Rococo attire featured light, pastel colors and intricate motifs. Fabrics like silk, muslin, and taffeta were favored, with delicate flower patterns and elaborate needlework incorporated into the designs.

Men's attire during the Rococo era remained relatively subdued, with suits and coats featuring plain motifs and solid colors. Women's attire, on the other hand, boasted intricate and ornate patterns, with gowns featuring voluminous skirts and tight bodices. Bows, ruffles, and lace accents added to the feminine appeal.

One iconic Rococo fashion piece was the sack-back gown, characterized by a tight bodice and a flowing skirt with a train. Often made of light materials like silk and muslin, these dresses featured delicate flower patterns and embroidery.

Hairstyles were also ornate during the Rococo period, with women wearing curled and powdered hair, typically adorned with feathers, ribbons, and diamonds. Light face powder and rouge were used to achieve a porcelain complexion, and makeup became fashionable.

Wide-brimmed hats, fans, and parasols were popular accessories for women, while men often wore caps and carried walking sticks made of precious metals like gold and silver.

III. Fabrics and Colors in 1700s Fashion

Fabrics and colors played a significant role in 1700s fashion. Both Baroque and Rococo styles incorporated a variety of luxurious textiles in a wide range of colors, from deep and rich to light and airy.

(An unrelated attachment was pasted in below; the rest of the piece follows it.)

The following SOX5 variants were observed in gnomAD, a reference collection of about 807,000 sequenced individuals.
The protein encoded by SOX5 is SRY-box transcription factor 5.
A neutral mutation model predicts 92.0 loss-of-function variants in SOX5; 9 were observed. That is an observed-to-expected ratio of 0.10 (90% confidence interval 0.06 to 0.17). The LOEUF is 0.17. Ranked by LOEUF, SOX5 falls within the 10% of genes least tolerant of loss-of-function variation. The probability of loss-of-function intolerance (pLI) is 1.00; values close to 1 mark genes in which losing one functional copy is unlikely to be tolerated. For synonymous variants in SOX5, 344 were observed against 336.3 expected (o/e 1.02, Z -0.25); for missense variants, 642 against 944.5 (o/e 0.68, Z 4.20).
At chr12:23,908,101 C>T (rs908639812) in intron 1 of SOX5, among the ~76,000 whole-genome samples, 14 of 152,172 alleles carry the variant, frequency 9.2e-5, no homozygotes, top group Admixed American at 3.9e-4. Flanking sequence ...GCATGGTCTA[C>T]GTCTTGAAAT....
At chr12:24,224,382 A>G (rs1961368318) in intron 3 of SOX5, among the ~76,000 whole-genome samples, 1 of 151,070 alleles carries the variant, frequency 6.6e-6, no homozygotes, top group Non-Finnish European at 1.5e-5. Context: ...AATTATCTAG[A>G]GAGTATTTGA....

Silk was a popular fabric during this era, used to make gowns, waistcoats, and jackets. Velvet, particularly for formal attire, was frequently embellished with stitching and ornaments.

During the Baroque period, brocade, a silk fabric with complex patterns created by additional weft threads, was in vogue. Brocade gowns, waistcoats, and jackets were often embroidered with gold or silver thread.

Muslin, a light and airy fabric, gained popularity during the Rococo era. It was used for gowns and undergarments, prized for its delicate texture and draping abilities.

When it came to colors, the Baroque period favored deep and rich tones such as burgundy, forest green, and navy blue. In contrast, Rococo fashion embraced softer, pastel colors like pink, lavender, and pale blue. These colors were often combined with white or cream-colored fabrics to create a delicate and feminine look.

Patterns were also in vogue, with floral designs and exquisite needlework favored by both men and women. Metallic thread and sequins added a touch of opulence, elevating the garments to new levels of luxury.